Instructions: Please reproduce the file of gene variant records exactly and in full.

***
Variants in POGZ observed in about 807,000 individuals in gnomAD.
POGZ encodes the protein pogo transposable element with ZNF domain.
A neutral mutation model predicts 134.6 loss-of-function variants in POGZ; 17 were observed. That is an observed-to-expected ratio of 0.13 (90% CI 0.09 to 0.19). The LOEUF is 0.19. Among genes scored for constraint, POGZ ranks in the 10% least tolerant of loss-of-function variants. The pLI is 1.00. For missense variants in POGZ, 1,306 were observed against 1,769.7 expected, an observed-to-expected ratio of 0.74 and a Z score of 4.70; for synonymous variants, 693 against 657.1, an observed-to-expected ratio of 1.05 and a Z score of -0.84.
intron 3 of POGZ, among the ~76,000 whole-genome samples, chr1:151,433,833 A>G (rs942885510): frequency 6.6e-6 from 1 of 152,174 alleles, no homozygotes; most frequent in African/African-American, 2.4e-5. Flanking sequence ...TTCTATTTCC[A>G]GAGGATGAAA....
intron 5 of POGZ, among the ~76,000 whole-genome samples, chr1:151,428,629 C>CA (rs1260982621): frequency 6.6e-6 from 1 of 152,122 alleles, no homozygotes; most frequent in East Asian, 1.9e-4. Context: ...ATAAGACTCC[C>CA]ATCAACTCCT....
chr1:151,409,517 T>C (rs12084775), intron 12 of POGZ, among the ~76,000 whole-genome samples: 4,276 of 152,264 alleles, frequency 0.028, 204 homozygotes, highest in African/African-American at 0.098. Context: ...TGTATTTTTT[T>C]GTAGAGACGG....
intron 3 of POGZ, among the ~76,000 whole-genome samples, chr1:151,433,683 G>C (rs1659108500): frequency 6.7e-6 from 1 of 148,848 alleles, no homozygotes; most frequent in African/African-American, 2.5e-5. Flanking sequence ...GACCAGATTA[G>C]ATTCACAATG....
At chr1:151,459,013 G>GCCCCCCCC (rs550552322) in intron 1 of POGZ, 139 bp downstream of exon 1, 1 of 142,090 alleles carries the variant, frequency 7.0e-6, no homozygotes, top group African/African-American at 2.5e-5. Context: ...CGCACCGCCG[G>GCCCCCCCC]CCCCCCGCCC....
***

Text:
Variants in POGZ observed in about 807,000 individuals in gnomAD.
POGZ encodes the protein pogo transposable element with ZNF domain.
A neutral mutation model predicts 134.6 loss-of-function variants in POGZ; 17 were observed. That is an observed-to-expected ratio of 0.13 (90% CI 0.09 to 0.19). The LOEUF is 0.19. Among genes scored for constraint, POGZ ranks in the 10% least tolerant of loss-of-function variants. The pLI is 1.00. For missense variants in POGZ, 1,306 were observed against 1,769.7 expected, an observed-to-expected ratio of 0.74 and a Z score of 4.70; for synonymous variants, 693 against 657.1, an observed-to-expected ratio of 1.05 and a Z score of -0.84.
intron 3 of POGZ, among the ~76,000 whole-genome samples, chr1:151,433,833 A>G (rs942885510): frequency 6.6e-6 from 1 of 152,174 alleles, no homozygotes; most frequent in African/African-American, 2.4e-5. Flanking sequence ...TTCTATTTCC[A>G]GAGGATGAAA....
intron 5 of POGZ, among the ~76,000 whole-genome samples, chr1:151,428,629 C>CA (rs1260982621): frequency 6.6e-6 from 1 of 152,122 alleles, no homozygotes; most frequent in East Asian, 1.9e-4. Context: ...ATAAGACTCC[C>CA]ATCAACTCCT....
chr1:151,409,517 T>C (rs12084775), intron 12 of POGZ, among the ~76,000 whole-genome samples: 4,276 of 152,264 alleles, frequency 0.028, 204 homozygotes, highest in African/African-American at 0.098. Context: ...TGTATTTTTT[T>C]GTAGAGACGG....
intron 3 of POGZ, among the ~76,000 whole-genome samples, chr1:151,433,683 G>C (rs1659108500): frequency 6.7e-6 from 1 of 148,848 alleles, no homozygotes; most frequent in African/African-American, 2.5e-5. Flanking sequence ...GACCAGATTA[G>C]ATTCACAATG....
At chr1:151,459,013 G>GCCCCCCCC (rs550552322) in intron 1 of POGZ, 139 bp downstream of exon 1, 1 of 142,090 alleles carries the variant, frequency 7.0e-6, no homozygotes, top group African/African-American at 2.5e-5. Context: ...CGCACCGCCG[G>GCCCCCCCC]CCCCCCGCCC....